Moving Therapy to the Gym: The Benefits of Gymnastics for Children with Autism

Rings for gymnastics(つり輪)


Photo by kawanet

The sport of gymnastics can provide children with Autism Spectrum Disorder (ASD) access to a differentiated approach, which potentially can create a model program to meet each child’s individual needs in a unique and effective manner. Gymnastics is a sport that provides an enriching environment filled with opportunities for sharpening the mind by stimulating the brain, fostering social skills, and strengthening gross and fine motor skills, while providing children with ASD an alternative method for learning and developing new skills.

Concentration or focus is required in each skill that is executed in the sport of gymnastics. Learning to focus in the gym can allow for increased attention to tasks outside of the sport of gymnastics. Children with ASD have the opportunity to develop the vestibular system and increase spatial awareness through various connections that the brain is building when performing routines on different apparatus that involve using various gymnastic skills.   The sport of gymnastics provides a highly structured and organized environment in which a child with ASD is able to learn at his/her own pace.  In addition to skills that initiate brain development, it is important to nurture and reinforce positive mental qualities.   Some of the ways that this can be performed is through modeling gymnastics elements, taking advantage of teachable moments, and providing positive reinforcement aligned with instruction.

As children with ASD continue to develop their social skills, they transition from home to school settings and other environments (e.g. gym) where they begin to experience a wide range of opportunities to communicate.   All of these interactions will have a substantial impact on the language and speech development of each child with ASD.  Interaction with other teammates and coaches allows for increased appropriate use of paralinguistic behaviors such as taking turns, listening and following directions, making verbal requests, and making eye contact with peers.

The sport of gymnastics provides a sensory-rich environment while simultaneously using physical exercise to develop fine and gross motor skills in children with ASD.  Gross motor skills (i.e. running, climbing, jumping) and fine motor skills (i.e. manipulating a hula hoop) are developed through gymnastics skills such as running and jumping on the springboard into the foam pit, climbing a rope, and other related activities.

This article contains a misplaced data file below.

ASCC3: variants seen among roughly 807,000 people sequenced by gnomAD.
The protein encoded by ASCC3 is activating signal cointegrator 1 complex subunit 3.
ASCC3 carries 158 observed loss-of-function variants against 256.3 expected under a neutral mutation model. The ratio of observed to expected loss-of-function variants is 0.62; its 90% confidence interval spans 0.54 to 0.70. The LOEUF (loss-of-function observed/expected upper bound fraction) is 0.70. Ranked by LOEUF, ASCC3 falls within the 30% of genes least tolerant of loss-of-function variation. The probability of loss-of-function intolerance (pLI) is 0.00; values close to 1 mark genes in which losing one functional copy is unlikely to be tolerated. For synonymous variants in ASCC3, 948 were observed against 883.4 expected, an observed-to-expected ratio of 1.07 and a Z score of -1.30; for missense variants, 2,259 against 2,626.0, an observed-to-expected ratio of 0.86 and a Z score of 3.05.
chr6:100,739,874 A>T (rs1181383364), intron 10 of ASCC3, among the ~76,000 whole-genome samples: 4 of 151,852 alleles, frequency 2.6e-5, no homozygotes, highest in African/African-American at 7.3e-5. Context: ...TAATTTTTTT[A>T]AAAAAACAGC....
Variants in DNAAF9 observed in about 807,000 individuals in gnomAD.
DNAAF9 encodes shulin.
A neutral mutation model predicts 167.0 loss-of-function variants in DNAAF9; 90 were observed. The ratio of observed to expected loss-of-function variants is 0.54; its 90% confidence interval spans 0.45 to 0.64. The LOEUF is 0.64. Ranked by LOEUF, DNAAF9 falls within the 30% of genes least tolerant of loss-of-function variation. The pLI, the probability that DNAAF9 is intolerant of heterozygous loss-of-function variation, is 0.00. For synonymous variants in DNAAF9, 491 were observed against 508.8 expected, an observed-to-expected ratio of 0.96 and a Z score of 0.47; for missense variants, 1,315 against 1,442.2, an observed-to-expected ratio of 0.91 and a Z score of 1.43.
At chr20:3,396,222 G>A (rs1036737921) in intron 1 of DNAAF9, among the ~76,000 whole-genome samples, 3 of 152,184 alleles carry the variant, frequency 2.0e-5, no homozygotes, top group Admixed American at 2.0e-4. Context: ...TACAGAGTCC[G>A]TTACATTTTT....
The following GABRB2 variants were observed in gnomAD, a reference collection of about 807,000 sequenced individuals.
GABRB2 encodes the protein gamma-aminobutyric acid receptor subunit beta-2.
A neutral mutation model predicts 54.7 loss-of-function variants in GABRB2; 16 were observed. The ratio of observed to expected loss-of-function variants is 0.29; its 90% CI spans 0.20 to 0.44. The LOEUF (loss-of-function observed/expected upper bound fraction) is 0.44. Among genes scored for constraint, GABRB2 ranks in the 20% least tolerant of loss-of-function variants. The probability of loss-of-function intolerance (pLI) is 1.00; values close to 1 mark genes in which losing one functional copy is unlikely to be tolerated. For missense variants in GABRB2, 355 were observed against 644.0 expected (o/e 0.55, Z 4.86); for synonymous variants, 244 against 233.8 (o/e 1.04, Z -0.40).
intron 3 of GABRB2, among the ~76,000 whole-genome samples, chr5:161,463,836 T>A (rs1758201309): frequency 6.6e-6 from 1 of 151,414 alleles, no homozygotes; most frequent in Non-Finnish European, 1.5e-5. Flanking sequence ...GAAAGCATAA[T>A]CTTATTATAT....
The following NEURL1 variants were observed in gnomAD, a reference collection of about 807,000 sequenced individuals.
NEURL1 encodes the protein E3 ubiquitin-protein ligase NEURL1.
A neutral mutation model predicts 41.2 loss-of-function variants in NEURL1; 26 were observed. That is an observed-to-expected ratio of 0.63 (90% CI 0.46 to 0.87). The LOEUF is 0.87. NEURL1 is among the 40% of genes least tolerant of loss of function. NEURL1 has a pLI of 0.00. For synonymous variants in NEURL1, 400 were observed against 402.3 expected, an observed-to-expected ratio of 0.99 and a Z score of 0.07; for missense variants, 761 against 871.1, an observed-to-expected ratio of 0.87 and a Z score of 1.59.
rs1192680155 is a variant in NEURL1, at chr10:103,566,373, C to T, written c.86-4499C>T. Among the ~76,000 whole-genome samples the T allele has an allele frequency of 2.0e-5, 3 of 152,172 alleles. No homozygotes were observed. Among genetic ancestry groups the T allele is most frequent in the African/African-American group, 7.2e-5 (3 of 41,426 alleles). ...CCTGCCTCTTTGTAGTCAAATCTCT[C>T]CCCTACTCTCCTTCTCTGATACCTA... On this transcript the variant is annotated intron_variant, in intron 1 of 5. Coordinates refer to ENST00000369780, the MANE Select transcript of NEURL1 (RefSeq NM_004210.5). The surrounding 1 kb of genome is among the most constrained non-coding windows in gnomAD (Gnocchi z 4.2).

Gymnastics also provides a learning environment for children with ASD by providing creative approaches for teaching each child new skills. Gymnastics instructors can organize and shape each learning opportunity to correlate with each child’s targeted learning goal(s) while allowing for additional exploratory time. In gymnastics, it is important to allow children time to feel comfortable with the skill before they attempt to execute it (i.e., one child may approach the end of the beam and jump cautiously, where another child may take quick steps with no hesitation when jumping).  Each child is provided with a tailor-made learning environment which allows the instructor to adapt and modify the program based on the child’s individual needs.

Gymnastics programs can potentially aid in providing a functional and invaluable learning environment for children with ASD.  Therefore, it is advantageous for parents and professionals to collaborate in defining, planning, and implementing participation in recreational activities (Potvin, Prelock & Snider, 2008).   Gymnastics gives children with ASD an opportunity to experience the joys of success through their individual achievements, or from the success of their teammates. Moving therapy to the gym could provide immeasurable opportunities for children with ASD, and promote generalization of learned skills to his/her natural environment.

References

Potvin, M.C., Prelock, P.A. & Snider, L. (2008).  Collaborating to support meaningful participation in recreational activities of children with autism spectrum disorder.  Topics in Language Disorders, 28(4), 365-374.  Retrieved from:  http://www.uvm.edu/~pprelock/articles/Potvin%20Prelock%20Snider%20Collab%20Support%20Recreational%20Activities%20Children%20ASD.pdf

 

 

Jourdan Saunders, M.S, CF-SLP, received her Master’s degree at Loyola University in Maryland. She is currently completing her Clinicial Fellowship year in the Miami Dade County Public School System in Florida.  She is the creator of the website, Futureslps.com and has a blog that is linked to her website.  She created the website to provide resources, inspiration and motivation for individuals who have chosen to major in the field of Speech Language Pathology.  Futureslps.com is directed towards students, but anyone can benefit from the resources provided on the site.  Jourdan has a gymnastics background of 23 years, she is looking forward to developing gymnastics programs for children with special needs.